I’ll mention now that I know the title sounds rather like a fantasy location of family-line, but what I refer to is the fact that for a lot of what I write, I write it in longhand in notebooks before I type it up and make line-edits as I go.
Yes, it takes a while. I like to think that I’m being thorough.
But why? (You may ask) What advantages are there to spending hours looking from notebook to screen, trying to decipher the squiggles of electric handwriting? Certainly, it has taken me longer to come to have completed Word document manuscripts, but I would vouch that it is a method that, for me, works well.
To start with, I’m not going to agree that it has taken me longer to finish a story simply because I have been writing it in a notebook and copying out. The reason it generally does take longer is that I allow myself to do something else; I have the draft and information written down, so I know I don’t need to jump onto the next available computer to type type type. At the next free opportunity when I am not concentrating on a different piece of work, I can come back to the notebook and resume what I know. Unfortunately…those opportunities aren’t so common.
I’ll use my NaNo Novel as an example: I may not have completed NaNo, but I did not have permanent and recurrent access to a computer that month (or any month regardless), so getting the first draft out of my brain by hand came as an extremely useful tool, especially when I was hit by inspiration during lessons. The reason I copied out most nights what I had written during the day was so I could keep a track of it – after all, I was looking to see the wordcount at some stages. And then, after November was over, I could continue.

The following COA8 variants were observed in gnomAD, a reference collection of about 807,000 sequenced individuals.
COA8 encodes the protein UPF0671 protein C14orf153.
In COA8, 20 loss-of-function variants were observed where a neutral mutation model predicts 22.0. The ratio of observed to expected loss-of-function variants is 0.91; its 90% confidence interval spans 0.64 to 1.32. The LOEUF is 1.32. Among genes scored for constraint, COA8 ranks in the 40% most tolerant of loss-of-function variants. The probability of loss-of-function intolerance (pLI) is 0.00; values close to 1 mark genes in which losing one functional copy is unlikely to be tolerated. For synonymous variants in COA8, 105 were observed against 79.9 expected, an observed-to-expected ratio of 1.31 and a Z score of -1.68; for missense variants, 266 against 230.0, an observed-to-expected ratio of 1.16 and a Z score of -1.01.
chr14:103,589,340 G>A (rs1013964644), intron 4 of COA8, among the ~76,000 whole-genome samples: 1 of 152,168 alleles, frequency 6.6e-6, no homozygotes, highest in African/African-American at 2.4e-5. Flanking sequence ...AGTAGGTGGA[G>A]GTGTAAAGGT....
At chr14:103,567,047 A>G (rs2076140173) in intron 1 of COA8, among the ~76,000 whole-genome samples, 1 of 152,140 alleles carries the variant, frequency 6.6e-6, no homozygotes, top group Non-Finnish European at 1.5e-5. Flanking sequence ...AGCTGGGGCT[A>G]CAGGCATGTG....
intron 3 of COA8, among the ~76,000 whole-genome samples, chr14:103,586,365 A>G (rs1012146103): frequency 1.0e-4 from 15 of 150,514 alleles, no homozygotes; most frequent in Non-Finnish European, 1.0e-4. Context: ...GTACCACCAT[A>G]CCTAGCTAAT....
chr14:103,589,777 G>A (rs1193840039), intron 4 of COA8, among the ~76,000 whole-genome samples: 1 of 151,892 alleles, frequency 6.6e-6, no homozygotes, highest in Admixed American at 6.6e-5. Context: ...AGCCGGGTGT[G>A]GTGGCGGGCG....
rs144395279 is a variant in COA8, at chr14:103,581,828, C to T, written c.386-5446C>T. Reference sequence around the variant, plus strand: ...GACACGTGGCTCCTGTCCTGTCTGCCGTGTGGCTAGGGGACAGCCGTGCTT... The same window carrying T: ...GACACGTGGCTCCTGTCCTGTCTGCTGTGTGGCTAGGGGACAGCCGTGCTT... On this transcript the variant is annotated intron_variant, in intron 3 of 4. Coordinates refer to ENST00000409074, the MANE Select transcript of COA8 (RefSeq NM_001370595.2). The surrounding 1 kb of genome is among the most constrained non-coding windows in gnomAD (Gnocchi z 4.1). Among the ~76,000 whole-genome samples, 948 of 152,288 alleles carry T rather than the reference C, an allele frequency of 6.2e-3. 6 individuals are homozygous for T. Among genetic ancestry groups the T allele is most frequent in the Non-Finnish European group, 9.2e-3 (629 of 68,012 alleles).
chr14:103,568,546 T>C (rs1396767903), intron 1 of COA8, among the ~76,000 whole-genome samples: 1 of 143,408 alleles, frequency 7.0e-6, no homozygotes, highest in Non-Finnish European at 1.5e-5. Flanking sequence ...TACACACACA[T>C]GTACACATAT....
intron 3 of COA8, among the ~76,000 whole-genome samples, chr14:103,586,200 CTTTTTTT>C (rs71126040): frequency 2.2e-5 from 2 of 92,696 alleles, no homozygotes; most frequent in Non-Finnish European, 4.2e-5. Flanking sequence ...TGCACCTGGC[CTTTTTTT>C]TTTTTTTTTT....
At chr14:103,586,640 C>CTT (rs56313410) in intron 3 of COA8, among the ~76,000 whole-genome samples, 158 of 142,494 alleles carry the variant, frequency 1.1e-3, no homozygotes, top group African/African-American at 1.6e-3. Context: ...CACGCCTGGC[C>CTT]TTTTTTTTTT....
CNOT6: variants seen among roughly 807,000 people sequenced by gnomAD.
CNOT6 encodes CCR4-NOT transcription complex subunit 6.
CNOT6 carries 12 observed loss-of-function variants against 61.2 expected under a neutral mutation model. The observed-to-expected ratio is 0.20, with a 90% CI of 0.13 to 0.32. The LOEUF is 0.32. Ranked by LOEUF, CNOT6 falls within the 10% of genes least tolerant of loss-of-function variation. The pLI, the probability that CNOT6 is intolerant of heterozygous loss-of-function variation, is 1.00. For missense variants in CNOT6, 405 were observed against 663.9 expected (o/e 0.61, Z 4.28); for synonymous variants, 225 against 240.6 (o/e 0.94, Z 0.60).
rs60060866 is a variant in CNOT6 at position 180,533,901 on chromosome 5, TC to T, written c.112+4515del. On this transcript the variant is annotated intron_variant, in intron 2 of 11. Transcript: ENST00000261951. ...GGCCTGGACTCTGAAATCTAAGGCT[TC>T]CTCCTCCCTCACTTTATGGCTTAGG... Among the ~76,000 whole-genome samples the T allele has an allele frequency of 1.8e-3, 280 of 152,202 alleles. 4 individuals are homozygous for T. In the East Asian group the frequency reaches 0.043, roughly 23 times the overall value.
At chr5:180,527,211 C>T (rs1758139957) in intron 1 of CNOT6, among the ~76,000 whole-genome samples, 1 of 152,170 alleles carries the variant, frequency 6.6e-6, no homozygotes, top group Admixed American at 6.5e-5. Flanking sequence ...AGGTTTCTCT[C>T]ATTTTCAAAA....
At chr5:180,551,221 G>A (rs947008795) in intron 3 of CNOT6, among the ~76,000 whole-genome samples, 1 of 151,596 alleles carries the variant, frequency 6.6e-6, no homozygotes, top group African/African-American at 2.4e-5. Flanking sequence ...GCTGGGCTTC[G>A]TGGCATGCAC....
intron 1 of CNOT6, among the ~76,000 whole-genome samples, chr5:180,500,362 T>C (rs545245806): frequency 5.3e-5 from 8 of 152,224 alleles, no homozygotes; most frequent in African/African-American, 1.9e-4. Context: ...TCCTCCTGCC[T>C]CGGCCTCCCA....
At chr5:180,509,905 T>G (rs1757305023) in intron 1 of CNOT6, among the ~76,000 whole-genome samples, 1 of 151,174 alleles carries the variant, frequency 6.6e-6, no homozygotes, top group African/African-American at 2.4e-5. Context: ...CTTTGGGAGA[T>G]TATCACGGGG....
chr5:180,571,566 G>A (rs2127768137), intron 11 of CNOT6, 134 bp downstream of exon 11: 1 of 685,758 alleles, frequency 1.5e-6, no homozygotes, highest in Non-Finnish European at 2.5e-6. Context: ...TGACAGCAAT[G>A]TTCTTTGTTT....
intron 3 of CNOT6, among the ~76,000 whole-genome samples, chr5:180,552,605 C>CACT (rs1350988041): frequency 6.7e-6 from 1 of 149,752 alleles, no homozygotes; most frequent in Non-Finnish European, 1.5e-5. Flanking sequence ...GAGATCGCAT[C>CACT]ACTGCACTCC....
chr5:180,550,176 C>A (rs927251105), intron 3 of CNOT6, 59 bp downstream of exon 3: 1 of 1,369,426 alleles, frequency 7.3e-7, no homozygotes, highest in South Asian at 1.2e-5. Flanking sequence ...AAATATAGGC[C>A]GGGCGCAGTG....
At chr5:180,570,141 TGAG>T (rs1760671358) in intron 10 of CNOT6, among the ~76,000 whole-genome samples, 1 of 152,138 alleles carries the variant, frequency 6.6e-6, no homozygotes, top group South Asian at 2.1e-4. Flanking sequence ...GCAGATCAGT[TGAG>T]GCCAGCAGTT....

That brings me to the second point of argument against writing in a notebook, though whether this happens to me purely because I have written using notebooks, I don’t know. That forgetting of stories. Not the plots, but the existence of the stories themselves. Often, when I have been writing in my notebook, I have used the space to write several different things at once – whatever popped into my mind – and to copy them out in bulk at, say, a weekend. And it’s true: I don’t always follow one train of thought at the same time.
Do I forget to continue stories because they are in a notebook? I’d say no. The reason I forget – or more often, abandon – a story is because I have chosen to put it second priority to another. It may just so happen that this process involves leaving the handwriting in the notebook until I am done (which does, inevitably, leave a bit of a blank space in my mind), and occasionally not returning. I do so try to keep up with an idea if I really like it, though.
Lastly, there is that argument of not keeping track of what one has done, that is: both in wordcount sense and plot sense. I’m sure there are many different ways longhand writers deal with this potential problem, but I myself combat it by writing in black ink (this helps the writing not to fade over time) and by using bookmarks if I decide to jump around when I am writing (that is: to write the end first, which I have done before). For my more important stories or those which I would very much like to finish, I break into different notebooks – or I write from the back, something which has become a habit from my beginning writer days when the only ‘notebooks’ I had were the reverse sides of my school rough books!
I like what I do because of the creativity. Using a notebook enables me to more easily jot down points in the margins and sides, to underline and colour freely the moment I get an idea and without having to wait until I reach a computer.
Just to prove that my method works: I recently finished copying out my novel, ‘Of Moscow Mysteries’, which I wrote last summer and finished the longhand draft a while ago. Moreover, the story is 70,000 words, which I take as proof that nothing is lost in the use of longhand for novel writing.